June E-Connect Daily


June 10, 2015
The Touch


Carol Dweck, author of Mindset, believes that there are really two types of thinking that exist. There is either the “fixed mindset,” where people like to feel competent at something and aspire to stay in a static position. And there is the “growth mindset,” the one where people crave more learning and push themselves to great heights. So, assuming that we all want to inherit the growth mindset, the next step is discovering the best vehicles for learning available to us.

Earlier this month, Naomi S. Baron, an American University linguist, published “Words Onscreen: The Fate of Reading in a Digital World,” a book (hardcover and electronic) that examines university students’ preferences for print over digital. She found that online readers tend to skim on screens and are easily distracted. In turn, reading comprehension is much lower with digital text compared to print.

Over the course of time, Baron asked students what they liked least about reading in print. Her favorite response: “It takes me longer because I read more carefully.”

“The preference for print over digital can be found at independent bookstores such as the Curious Iguana in downtown Frederick, Md., where owner Marlene England said millennials regularly tell her they prefer print because it’s “easier to follow stories.” Pew studies show the highest print readership rates are among those ages 18 to 29, and the same age group is still using public libraries in large numbers.”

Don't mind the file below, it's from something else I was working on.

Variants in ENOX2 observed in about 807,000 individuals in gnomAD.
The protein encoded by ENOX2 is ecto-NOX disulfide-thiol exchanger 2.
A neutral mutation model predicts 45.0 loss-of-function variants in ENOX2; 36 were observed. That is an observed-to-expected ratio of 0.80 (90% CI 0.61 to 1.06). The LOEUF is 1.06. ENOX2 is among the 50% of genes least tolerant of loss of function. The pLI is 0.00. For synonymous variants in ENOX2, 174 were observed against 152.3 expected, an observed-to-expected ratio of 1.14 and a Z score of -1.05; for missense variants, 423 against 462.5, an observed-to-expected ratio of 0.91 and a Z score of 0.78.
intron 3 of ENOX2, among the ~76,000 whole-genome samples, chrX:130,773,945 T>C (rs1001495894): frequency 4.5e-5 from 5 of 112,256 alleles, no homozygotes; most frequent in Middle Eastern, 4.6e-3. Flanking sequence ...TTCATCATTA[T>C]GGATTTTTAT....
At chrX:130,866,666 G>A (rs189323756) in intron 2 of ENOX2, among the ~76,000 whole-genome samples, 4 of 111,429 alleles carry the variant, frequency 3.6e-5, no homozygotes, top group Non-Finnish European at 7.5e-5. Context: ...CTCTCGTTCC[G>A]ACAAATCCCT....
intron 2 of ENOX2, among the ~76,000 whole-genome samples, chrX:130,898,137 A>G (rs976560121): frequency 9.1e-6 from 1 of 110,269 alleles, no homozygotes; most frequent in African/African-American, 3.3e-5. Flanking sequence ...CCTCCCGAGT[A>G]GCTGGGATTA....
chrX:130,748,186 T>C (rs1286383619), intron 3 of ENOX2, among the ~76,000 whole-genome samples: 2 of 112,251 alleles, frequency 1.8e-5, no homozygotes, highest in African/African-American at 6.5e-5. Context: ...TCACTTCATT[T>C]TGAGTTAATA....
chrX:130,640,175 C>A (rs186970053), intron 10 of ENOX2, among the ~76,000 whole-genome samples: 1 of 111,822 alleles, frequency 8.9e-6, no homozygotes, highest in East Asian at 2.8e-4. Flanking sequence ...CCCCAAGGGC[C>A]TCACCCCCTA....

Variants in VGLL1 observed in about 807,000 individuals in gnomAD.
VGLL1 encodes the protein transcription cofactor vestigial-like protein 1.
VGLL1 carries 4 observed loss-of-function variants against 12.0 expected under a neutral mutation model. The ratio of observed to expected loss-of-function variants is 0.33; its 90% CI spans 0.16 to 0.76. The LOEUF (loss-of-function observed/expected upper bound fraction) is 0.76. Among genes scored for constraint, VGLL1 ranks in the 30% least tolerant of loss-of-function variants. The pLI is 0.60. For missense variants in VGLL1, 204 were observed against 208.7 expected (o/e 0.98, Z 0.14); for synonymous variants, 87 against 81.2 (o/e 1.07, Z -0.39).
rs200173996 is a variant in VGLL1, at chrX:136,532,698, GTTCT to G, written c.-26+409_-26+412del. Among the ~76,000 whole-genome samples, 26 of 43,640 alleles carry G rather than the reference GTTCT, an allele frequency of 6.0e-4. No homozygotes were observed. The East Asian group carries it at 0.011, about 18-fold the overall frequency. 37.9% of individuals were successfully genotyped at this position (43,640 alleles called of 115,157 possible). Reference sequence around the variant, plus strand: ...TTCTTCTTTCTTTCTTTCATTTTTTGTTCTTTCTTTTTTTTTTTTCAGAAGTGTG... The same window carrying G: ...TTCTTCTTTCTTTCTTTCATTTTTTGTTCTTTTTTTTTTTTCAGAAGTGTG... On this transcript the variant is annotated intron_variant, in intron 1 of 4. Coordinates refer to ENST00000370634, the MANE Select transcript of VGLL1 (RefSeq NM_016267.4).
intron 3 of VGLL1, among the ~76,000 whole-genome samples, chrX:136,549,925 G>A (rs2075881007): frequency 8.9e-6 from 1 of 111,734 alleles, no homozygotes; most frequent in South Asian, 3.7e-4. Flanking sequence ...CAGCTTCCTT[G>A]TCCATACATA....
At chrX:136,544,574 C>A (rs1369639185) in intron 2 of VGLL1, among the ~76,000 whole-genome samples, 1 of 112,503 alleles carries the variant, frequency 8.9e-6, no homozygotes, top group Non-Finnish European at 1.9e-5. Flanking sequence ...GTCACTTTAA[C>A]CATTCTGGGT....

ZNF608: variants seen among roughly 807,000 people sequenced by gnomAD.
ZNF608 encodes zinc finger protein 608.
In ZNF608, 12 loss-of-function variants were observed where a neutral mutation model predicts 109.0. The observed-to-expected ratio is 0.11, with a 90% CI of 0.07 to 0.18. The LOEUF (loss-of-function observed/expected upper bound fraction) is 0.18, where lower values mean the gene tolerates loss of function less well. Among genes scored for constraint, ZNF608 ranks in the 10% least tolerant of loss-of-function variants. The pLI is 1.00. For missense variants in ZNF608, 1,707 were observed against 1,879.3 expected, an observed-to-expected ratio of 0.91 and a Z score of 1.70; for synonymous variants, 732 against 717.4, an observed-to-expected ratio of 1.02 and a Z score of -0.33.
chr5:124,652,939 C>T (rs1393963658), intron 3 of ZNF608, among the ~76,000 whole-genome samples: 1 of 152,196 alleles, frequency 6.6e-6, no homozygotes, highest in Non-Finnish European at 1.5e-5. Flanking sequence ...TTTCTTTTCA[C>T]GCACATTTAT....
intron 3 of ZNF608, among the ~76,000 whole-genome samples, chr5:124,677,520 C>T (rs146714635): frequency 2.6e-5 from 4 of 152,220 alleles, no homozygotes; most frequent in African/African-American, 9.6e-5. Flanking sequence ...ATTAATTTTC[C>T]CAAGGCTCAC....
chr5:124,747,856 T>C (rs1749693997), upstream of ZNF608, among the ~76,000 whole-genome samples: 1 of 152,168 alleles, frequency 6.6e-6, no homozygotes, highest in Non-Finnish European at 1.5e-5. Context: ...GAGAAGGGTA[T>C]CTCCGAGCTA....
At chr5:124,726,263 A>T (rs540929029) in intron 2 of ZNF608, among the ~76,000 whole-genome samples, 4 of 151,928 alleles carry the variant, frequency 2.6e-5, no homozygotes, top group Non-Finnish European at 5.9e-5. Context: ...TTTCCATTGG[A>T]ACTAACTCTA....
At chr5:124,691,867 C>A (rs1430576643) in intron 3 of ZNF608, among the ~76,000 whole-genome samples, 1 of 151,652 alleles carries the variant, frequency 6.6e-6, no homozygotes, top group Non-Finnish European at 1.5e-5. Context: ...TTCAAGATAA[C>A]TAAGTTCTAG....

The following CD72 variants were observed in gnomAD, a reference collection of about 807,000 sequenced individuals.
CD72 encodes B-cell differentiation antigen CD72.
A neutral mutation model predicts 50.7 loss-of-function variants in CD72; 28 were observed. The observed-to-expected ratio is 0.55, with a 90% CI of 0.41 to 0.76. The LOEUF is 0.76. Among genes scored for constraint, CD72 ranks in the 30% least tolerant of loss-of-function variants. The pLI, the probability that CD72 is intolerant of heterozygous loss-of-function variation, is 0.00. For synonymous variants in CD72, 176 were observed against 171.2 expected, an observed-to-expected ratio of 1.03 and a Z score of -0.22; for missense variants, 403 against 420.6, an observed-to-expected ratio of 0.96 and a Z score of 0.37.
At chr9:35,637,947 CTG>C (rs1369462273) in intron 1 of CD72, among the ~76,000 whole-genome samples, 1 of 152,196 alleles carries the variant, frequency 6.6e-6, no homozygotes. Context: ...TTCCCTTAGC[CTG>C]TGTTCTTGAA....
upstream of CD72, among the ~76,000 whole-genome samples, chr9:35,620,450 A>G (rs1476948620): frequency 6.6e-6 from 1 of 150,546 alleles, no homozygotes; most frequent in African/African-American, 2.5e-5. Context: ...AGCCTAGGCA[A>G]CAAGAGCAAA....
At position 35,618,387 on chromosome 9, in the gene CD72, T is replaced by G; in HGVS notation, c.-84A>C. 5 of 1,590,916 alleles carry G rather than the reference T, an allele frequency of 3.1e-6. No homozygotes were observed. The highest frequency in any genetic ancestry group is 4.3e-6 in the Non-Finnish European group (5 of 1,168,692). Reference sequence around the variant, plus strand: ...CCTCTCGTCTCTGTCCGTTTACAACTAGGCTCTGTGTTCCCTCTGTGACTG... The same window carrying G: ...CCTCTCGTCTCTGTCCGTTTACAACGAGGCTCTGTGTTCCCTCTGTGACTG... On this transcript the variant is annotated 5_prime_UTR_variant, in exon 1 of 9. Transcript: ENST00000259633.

In Sappi’s new promotional piece, A Communications Guide to the Neuro Science of Touch, Director of Baylor College of Medicine’s Laboratory for Perception & Action and the Initiative of Neuroscience & Law, Dr. David Eagleman provides one of the most remarkable cases for the value of print. His research regarding touch delves into the impact that touch has on our lives and how unique it makes the human species.

When something is touched, a sense of ownership takes place. We make sense of the world through touch. We know if something is cold or hot, and we can evoke emotion through touch. So if learning is critical to our personal growth and to the progress we make within our businesses, then finding more ways to use touch may be in order. Maybe print plays a much larger role than we ever could have imagined.

Do you have the touch?

Warmest regards,

Tom Moe, VP of Sales & Marketing


“People may start with different temperaments and different aptitudes, but it is clear that experience, training, and personal effort take them the rest of the way.”

– Carol S. Dweck, Mindset: The New Psychology Of Success

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